Multi-cloud strategy: A tale of two farms
Restaurant and a farm
A highly successful restaurant sources its produce from Farm A. This farm produces a generic variety of fruits and vegetables. However, the restaurant has also built some custom exotic vegetables using Farm A’s infrastructure. Restaurant uses its own seeds but builds using farm processes, hi-tech solutions, rich quality of soil, water, nutrition and sensors created by Farms Research and Development team.
Restaurant has invested heavily in tools and technologies to place orders in advance to the farm. Dedicated custom supply chain integration with the farm is in place, and there are solutions to monitor deliveries and quality of deliverables coming from the farm.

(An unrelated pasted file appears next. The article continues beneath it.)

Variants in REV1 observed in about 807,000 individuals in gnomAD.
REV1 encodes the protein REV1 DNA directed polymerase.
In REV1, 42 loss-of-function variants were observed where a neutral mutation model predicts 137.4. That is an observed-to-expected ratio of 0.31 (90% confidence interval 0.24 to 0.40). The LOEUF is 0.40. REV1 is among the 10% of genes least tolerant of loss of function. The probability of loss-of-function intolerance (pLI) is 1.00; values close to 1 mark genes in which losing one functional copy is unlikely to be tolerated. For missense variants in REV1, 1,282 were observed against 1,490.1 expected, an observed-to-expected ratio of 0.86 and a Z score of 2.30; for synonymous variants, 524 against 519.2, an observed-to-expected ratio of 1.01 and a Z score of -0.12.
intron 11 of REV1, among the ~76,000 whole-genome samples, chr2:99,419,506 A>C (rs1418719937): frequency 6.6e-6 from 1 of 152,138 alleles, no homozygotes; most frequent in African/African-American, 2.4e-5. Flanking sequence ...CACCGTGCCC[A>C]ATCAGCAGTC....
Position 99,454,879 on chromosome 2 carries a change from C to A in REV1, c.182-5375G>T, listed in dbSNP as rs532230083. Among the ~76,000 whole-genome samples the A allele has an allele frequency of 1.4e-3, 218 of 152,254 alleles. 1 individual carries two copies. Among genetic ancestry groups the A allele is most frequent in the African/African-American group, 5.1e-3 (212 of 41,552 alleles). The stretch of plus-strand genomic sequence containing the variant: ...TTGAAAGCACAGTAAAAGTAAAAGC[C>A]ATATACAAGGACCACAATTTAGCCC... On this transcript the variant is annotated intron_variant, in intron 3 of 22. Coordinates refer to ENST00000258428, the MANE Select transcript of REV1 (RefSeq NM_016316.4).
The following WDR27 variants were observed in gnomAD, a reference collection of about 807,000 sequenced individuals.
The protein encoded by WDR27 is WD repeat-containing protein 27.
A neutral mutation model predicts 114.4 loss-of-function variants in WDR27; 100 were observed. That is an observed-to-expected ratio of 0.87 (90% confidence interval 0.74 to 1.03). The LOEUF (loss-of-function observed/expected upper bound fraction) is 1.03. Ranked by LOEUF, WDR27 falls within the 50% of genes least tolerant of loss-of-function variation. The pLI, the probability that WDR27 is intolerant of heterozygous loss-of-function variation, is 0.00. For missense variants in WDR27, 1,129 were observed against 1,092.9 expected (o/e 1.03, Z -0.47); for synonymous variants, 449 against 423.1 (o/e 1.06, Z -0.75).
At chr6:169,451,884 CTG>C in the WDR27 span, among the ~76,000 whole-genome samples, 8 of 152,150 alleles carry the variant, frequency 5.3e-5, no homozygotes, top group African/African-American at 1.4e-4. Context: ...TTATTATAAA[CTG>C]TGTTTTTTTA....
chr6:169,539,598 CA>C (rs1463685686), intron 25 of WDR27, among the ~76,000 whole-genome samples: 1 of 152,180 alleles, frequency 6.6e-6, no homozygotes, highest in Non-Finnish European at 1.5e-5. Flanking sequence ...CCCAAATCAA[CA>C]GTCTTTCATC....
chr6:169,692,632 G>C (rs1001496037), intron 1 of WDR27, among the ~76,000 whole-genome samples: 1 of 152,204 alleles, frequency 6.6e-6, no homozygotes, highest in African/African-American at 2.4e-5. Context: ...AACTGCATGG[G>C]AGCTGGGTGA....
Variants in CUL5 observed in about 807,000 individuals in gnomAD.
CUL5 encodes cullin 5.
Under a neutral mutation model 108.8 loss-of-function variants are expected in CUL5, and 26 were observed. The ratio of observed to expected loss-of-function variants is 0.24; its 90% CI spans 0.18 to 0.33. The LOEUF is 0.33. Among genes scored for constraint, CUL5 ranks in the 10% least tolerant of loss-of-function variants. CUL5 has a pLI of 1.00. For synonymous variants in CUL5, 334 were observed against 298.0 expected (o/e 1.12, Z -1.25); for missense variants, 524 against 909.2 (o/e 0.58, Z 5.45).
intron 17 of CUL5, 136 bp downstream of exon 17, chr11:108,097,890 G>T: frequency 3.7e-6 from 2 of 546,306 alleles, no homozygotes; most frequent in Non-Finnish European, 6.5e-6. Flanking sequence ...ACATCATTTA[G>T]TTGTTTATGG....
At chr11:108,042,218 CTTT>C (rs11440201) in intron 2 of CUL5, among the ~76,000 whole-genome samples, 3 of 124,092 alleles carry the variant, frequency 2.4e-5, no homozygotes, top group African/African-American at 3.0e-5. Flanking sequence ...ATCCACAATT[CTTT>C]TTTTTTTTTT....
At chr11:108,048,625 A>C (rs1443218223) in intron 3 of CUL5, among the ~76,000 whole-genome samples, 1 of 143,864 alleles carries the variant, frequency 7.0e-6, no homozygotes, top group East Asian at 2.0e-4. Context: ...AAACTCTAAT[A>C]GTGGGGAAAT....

At the onset of its business, the restaurant’s Managing Director asked the CEO “I need a month, so that I can focus and dedicate time on the following concerns before we start our first restaurant.” Questions he raised were:
1) What if Farm A gets flooded and we cannot get the produce for few days
2) What if Farm A increases cost suddenly after we launch our restaurant and cannot walk away from vendor easily
3) We should think of building our own farm and be self-sufficient before we start our restaurant
4) We should link our systems with two farms at the onset, and invest on integrating with at least two farms before we start our restaurants.
The CEO listened patiently to his concerns. He said,
“These look very familiar. You seem to be talking about the problems which the tech world also faces these days. 1) Cloud goes down due to natural calamity or human errors 2) Vendor lock-in and cost risk 3) Self sufficiency by building own data centers 4) Multi-cloud adoption”.